How Talk Therapy Is Connecting Milwaukeeans of Different Races

Dominique Samari wants to make it easier for Milwaukeeans to connect with new friends of different races.

You’re sitting in front of your computer, staring at a stranger’s face. You’ve never met the person you see on your screen before, but you know that the two of you live in the Milwaukee area. And, as you start talking, you realize that you have other things in common, too. You share a favorite coffee shop, maybe. Or a conviction that this year the Packers are finally going to make it to the Super Bowl again. And you’re both interested in breaking down some of the racial barriers that have long been a fixture of life in Milwaukee.

That’s the idea behind Kin, a project developed by Dominique Samari that pairs up Milwaukeeans of different races and provides them with conversation prompts designed to help them forge connections across the city’s deeply segregated communities.

Samari – who is co-founder of P3 Development, a consulting group with a focus on equity and inclusion – says that she likes to tackle a personal project each year that relates to a subject she’s curious about. In 2019, she decided that she would ask Milwaukeeans of all races and backgrounds a series of questions about belonging.



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At first, she reached out to people she already knew, and the talks were loosely structured – “less of an interview and more of a conversation.” But she soon realized that many of the people she spoke with appreciated the conversations just as much as she did, and that they seemed interested in connecting with others. “People want to develop authentic relationships, but they say that gets harder as they get older,” she says. “And that they want to develop authentic relationships across race, but they’ve found it difficult to do that in this city.”

So she decided to launch a second phase of the project (which she was referring to simply as her Belonging Project at the time but has since evolved into Kin), a community-wide conversation series that anyone could take part in. “The only rules are that you can’t talk about race or politics,” she says. “Because racial disparity is so pervasive in Milwaukee, we talk about it all the time. And it’s difficult to talk about. I wanted the people to develop authentic relationships first before they try talking about it.”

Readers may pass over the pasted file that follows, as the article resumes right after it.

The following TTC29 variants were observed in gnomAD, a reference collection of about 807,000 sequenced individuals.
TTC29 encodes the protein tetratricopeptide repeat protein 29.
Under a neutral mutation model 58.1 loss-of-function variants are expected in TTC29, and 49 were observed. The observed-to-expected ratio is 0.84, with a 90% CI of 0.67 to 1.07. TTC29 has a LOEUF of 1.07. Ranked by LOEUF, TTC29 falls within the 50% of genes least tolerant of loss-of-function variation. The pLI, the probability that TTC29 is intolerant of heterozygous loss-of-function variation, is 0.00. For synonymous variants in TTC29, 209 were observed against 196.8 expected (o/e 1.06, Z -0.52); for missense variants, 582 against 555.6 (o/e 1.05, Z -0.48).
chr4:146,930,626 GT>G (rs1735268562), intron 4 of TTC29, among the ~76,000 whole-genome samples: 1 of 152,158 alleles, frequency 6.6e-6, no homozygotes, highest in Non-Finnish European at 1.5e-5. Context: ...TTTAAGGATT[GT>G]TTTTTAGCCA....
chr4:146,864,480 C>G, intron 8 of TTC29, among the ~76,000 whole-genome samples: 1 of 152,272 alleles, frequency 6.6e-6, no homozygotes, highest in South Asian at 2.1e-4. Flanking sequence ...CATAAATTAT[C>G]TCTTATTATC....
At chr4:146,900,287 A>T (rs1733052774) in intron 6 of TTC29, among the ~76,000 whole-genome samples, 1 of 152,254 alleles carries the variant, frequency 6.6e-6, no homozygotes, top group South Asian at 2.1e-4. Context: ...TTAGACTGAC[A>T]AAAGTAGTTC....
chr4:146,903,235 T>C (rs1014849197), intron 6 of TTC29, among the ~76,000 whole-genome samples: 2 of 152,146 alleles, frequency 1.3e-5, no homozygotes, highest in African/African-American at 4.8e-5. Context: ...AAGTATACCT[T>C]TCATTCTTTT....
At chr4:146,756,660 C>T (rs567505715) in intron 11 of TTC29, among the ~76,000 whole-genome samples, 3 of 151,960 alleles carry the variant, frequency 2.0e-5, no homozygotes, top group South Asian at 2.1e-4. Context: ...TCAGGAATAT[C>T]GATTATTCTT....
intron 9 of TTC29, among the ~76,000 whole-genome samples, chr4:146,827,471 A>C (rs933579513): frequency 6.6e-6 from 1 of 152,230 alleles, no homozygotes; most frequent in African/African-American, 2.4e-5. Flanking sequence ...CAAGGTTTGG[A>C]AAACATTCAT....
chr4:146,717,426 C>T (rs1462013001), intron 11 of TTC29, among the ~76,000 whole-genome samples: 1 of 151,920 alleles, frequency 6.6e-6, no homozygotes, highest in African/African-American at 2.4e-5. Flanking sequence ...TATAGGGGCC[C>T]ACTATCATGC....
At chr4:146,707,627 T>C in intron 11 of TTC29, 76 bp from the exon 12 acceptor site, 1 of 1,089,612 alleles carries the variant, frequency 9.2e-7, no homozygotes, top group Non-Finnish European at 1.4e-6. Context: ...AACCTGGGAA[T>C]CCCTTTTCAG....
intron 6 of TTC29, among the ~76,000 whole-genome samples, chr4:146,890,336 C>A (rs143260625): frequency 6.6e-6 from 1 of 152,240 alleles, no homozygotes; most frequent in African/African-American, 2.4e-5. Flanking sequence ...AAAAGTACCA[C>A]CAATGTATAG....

To date, Samari has matched up about 27 pairs of conversational partners. The participants are encouraged to talk to their partners as often as they’d like, and many of them say that their conversations so far have been invaluable.

“We both cried,” one anonymous participant told Samari. “And I never cry in front of people.”

“My partner’s vulnerability has allowed me to be more vulnerable,” another said. “I realize that I do not usually let myself be very vulnerable and I don’t have these types of conversations very often in my life.”

Heartened by messages like these, and by interest from the African American Leadership Alliance of Milwaukee and community development leader Genyne Edwards (co-founder of P3 Development with Samari), Samari intends to continue working on a third phase of the project. In fact, if the project is a success, she’s interested in developing an app that would allow even more Milwaukeeans to participate.

“For me, the primary outcome would be to start to build connections across race – everything else flows from that,” Samari says of what she wants to achieve with the app. But she also hopes that some of the participants will find new friends, or realize that it’s OK to allow themselves to be vulnerable around other people.

This story is part of Milwaukee Magazine‘s April issue.

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Lindsey Anderson covers culture for Milwaukee Magazine. Before joining the MilMag team she worked as an editor at the Museum of Contemporary Art Chicago and wrote freelance articles for ArtSlant and Eater.